Big Tech and ambitious startups dominate headlines and influence our everyday lives—with Hollywood documenting their stories along the way. Whether you love them, hate them, or want to join them, get to know what goes on at the world’s most talked-about technology companies through our picks of startup movies and TV shows, including groundbreaking successes, spectacular failures, as well as scandals and scams.
[Stay up to date with the latest in privacy and security. Sign up for the ExpressVPN blog newsletter.]
Movies about Apple
Of the two Steve Jobs biopics, Jobs is far more sympathetic to its subject. Ashton Kutcher looks eerily similar to a young Steve Jobs and has been praised for his portrayal, which was a departure from his usual comedic roles. Kutcher reportedly studied Jobs’ mannerisms and even followed a fruitarian diet to prepare for the role. Fun fact: most of the scenes featuring Jobs’ parents’ house and garage were filmed in the actual house he grew up in.
Cast: Ashton Kutcher, Josh Gad, J.K. Simmons, Dermot Mulroney
Rotten Tomatoes rating: 28%
Where to stream: Starz
Steve Jobs (2015)
This Steve Jobs story came out two years after Jobs. Directed by Danny Boyle (Trainspotting, Slumdog Millionaire) with a screenplay by Aaron Sorkin (West Wing), it benefited from a strong cast and a more complex portrayal of Apple’s visionary. The film mostly follows Jobs over three separate days as he prepares backstage in the lead-up to major product launches, starting with the 1984 launch of the Macintosh and ending with the introduction of the iMac in 1998.
Cast: Michael Fassbender, Kate Winslet, Seth Rogan, Jeff Daniels
Rotten Tomatoes rating: 85%
Where to stream: Netflix, Vudu, Hoopla
Movies about Facebook
The Social Network (2010)
Scripted by Aaron Sorkin and directed by David Fincher, The Social Network is one of the OG startup movies and charts Mark Zuckerberg’s rise over six years from Harvard student to founder, CEO, and billionaire. Although the accuracy of the movie has been disputed by Facebook, Jesse Eisenberg is extremely compelling as Zuckerberg—so much so that he’s regularly mistaken for the real Zuckerberg.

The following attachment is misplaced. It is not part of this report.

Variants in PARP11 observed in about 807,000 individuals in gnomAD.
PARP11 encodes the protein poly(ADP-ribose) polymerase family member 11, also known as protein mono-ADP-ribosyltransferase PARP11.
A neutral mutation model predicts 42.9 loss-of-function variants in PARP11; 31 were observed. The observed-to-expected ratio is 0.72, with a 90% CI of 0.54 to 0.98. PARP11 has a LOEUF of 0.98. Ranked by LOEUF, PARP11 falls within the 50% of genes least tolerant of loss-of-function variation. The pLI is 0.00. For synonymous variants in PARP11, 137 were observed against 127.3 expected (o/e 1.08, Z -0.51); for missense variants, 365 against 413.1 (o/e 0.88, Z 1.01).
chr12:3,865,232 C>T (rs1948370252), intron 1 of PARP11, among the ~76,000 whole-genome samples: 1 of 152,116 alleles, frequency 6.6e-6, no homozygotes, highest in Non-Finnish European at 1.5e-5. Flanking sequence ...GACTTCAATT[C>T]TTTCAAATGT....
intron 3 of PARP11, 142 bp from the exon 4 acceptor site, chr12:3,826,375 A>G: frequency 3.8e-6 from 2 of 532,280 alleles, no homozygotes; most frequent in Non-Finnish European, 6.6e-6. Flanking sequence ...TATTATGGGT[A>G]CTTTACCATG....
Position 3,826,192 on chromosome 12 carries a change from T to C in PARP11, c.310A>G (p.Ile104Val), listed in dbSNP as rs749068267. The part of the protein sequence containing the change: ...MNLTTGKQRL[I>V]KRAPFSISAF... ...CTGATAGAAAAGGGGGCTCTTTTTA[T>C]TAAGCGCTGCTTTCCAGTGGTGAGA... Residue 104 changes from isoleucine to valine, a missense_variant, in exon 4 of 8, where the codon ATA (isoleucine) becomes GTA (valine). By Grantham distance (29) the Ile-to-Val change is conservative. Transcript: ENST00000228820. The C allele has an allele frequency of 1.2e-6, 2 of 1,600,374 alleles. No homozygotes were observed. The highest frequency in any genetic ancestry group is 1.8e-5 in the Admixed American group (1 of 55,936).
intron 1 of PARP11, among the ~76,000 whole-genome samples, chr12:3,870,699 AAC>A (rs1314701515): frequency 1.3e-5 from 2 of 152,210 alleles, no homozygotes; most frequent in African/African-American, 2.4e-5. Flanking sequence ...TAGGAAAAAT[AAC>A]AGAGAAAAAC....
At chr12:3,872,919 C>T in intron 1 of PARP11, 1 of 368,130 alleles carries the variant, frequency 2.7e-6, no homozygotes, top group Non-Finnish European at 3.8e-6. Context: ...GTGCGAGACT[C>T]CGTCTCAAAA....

Cast: Jesse Eisenberg, Andrew Garfield
Rotten Tomatoes rating: 96%
Where to stream: Netflix
The Great Hack (2019)
This documentary unpacks the Cambridge Analytica scandal, where millions of Facebook users had their data collected without their consent by the British consulting firm. The data was largely collected for political advertising and was used to provide analytical assistance to the presidential campaign of Donald Trump. The documentary features interviews with former Cambridge Analytica employees, legal experts, and investigative journalists. Facebook was fined 5 billion USD as a result of a Federal Trade Commission investigation.
Rotten Tomatoes rating: 85%
Where to stream: Netflix
Movies about Google
The Internship (2013)
Vince Vaughan and Owen Wilson play two out-of-work watch salesmen who attempt to reboot their careers by getting internships at Google, competing with interns half their age for one of a few coveted roles at the company. They are fish out of water; hilariously out of touch with technology, and full of ideas that already exist. The office in The Internship isn’t the real Googleplex, but Sergey Brin makes a cameo, and the film used 100 real Google employees as extras.
Cast: Vince Vaughan, Owen Wilson, Rose Byrne
Rotten Tomatoes rating: 35%
Where to stream: HBO, HBO MAX
Google and the World Brain (2013)
Google had a plan to scan every book in the world—to build a library for mankind. Google and the World Brain suggests they were also planning to create a higher form of intelligence, a concept predicted by H.G. Wells in his “World Brain” essay from 1937. The documentary explores the copyright controversy that exploded in 2011 when authors around the world launched a campaign to shut down the plan.
Rotten Tomatoes rating: 83%
Where to stream: Curiosity Stream
Movies about Theranos
The Inventor: Out for Blood in Silicon Valley (2019)
A compelling documentary featuring plenty of footage of Elizabeth Holmes, the founder of Theranos who claimed her company had created technology that could detect diseases with just a few drops of blood. Rather than explicitly condemn Holmes for allegedly committing fraud against Theranos investors, the documentary chooses to lay out all the information, including interviews with former Theranos employees and investors, in an impartial manner.
Rotten Tomatoes rating: 79%
Where to stream: HBO MAX, HBO, Vudu
The Dropout (2022)
Amanda Seyfried gets excellent reviews as Elizabeth Holmes, in this Hulu Original miniseries. Naveen Andrews (Lost) stars as Sunny Balwani, her one-time business partner and boyfriend. Based on the podcast The Dropout, hosted by Rebecca Jarvis, the miniseries touches on Elizabeth’s life from her childhood through to her eventual exposure as a fraud.
Cast: Amanda Seyfried, Naveen Andrews, William H. Macy
Rotten Tomatoes rating: 89%
Where to stream: Hulu
Bad Blood (pre-production)
This is still in pre-production so it’ll be a long wait before we get to see Jennifer Lawrence as Elizabeth Holmes. The screenplay is based on the book of the same name by John Carreyrou, which traces the rise and fall of Theranos from the very beginning. Carreyrou’s investigation into Theranos also inspired the excellent podcast, The Dropout.